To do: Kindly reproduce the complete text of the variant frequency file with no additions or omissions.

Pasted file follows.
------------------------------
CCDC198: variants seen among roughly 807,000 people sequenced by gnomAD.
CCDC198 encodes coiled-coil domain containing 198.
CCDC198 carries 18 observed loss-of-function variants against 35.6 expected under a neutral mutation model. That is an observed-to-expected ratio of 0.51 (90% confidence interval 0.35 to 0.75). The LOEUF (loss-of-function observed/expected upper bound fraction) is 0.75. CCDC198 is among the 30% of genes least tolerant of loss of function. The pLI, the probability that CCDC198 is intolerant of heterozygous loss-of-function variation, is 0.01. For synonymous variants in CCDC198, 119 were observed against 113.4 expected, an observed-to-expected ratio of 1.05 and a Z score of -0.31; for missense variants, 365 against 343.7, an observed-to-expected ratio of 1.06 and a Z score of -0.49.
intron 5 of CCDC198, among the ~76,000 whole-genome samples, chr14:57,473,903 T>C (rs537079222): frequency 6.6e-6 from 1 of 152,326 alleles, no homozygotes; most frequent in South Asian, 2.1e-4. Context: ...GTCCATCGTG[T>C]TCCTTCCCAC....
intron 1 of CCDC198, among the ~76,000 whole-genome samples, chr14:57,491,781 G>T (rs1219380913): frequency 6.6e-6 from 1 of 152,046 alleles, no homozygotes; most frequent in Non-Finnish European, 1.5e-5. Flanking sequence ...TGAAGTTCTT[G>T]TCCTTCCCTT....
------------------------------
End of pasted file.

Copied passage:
CCDC198: variants seen among roughly 807,000 people sequenced by gnomAD.
CCDC198 encodes coiled-coil domain containing 198.
CCDC198 carries 18 observed loss-of-function variants against 35.6 expected under a neutral mutation model. That is an observed-to-expected ratio of 0.51 (90% confidence interval 0.35 to 0.75). The LOEUF (loss-of-function observed/expected upper bound fraction) is 0.75. CCDC198 is among the 30% of genes least tolerant of loss of function. The pLI, the probability that CCDC198 is intolerant of heterozygous loss-of-function variation, is 0.01. For synonymous variants in CCDC198, 119 were observed against 113.4 expected, an observed-to-expected ratio of 1.05 and a Z score of -0.31; for missense variants, 365 against 343.7, an observed-to-expected ratio of 1.06 and a Z score of -0.49.
intron 5 of CCDC198, among the ~76,000 whole-genome samples, chr14:57,473,903 T>C (rs537079222): frequency 6.6e-6 from 1 of 152,326 alleles, no homozygotes; most frequent in South Asian, 2.1e-4. Context: ...GTCCATCGTG[T>C]TCCTTCCCAC....
intron 1 of CCDC198, among the ~76,000 whole-genome samples, chr14:57,491,781 G>T (rs1219380913): frequency 6.6e-6 from 1 of 152,046 alleles, no homozygotes; most frequent in Non-Finnish European, 1.5e-5. Flanking sequence ...TGAAGTTCTT[G>T]TCCTTCCCTT....